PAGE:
Jacques Rouxel de Grancey, Marshal of France’s ghost appears to his wife and asks her to burn a letter
Type of Spiritual Experience
The Marshal of France (French: Maréchal de France, plural Maréchaux de France) is a military distinction, rather than a military rank, in contemporary France, that is awarded to generals for exceptional achievements.
The title has been awarded since 1185, though briefly abolished (1793–1804) and briefly dormant (1870–1916) during its millennium of existence. It was one of the Great Officers of the Crown of France during the Ancien Régime and Bourbon Restoration and one of the Great Dignitaries of the Empire during the First French Empire (when the title was not "Marshal of France" but "Marshal of the Empire").
We think the Marshal being referred to here is Jacques Rouxel de Grancey (1605–1680)
Between the end of the 16th century and the middle of the 19th century, six Marshals of France were given the even more exalted rank of Marshal General of France: Biron, Lesdiguières, Turenne, Villars, Saxe, and Soult.
A description of the experience
Death and its Mystery: After Death – Camille Flammarion
The Abbe de Villars, author of "Comte de Gabalis" (1670), states that the account was given him by the observer herself, the wife of Marshal Grancey.
A spirit showed itself to her as she slept, in the guise of her late husband. He did not speak long; he said only:
"Madame, have my clothes-closet searched. There is a letter in my breeches pocket which is of the utmost consequence to one of our good friends; be careful to burn it."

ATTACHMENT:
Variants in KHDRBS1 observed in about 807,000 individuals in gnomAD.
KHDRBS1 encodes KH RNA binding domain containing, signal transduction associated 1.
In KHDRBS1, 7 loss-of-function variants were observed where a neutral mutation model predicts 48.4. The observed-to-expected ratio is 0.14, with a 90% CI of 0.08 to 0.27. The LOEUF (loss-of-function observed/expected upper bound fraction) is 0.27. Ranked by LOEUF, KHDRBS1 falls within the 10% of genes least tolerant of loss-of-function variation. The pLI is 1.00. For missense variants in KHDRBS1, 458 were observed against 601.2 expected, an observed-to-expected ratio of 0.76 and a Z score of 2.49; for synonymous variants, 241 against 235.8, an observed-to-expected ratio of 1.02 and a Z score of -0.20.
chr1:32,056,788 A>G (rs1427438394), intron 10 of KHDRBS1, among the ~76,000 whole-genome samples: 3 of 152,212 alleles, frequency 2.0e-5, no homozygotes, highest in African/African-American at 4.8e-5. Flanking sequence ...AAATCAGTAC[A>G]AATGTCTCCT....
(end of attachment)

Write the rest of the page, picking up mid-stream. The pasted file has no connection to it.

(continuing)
The marshal's wife tried to ask questions as to the other life; the phantom disappeared without replying. She awakened, greatly troubled, and called her attendants. They ran to her bed; she told of her dream. She had the deceased marshal's body-servant get up ; he had remained in the house after the death of his master. He obeyed Madame de Grancey's summons ; she asked him if any of the marshal’s garments were still in his clothes-closet. He answered that there were none; that he had sold them for as much as he could obtain. The marshal's wife ordered him to make a thorough search. He left, and came back empty-handed. He was sent again, with no greater success. But at last, having gone a third time because of his mistress's urgent solicitations, he looked so thoroughly that he discovered, in the darkest corner of the clothes-closet, in the midst of a heap of sweepings, an old pair of black taffeta breeches with eyelets, such as were worn in former days. He gave these breeches to the marshal's wife; she put her hand into one of the pockets, from which she drew a letter. She opened it, read it, and, understanding its importance, threw it into the fire, that she might spare a friend of the household the grief that might have been caused him had its contents been divulged.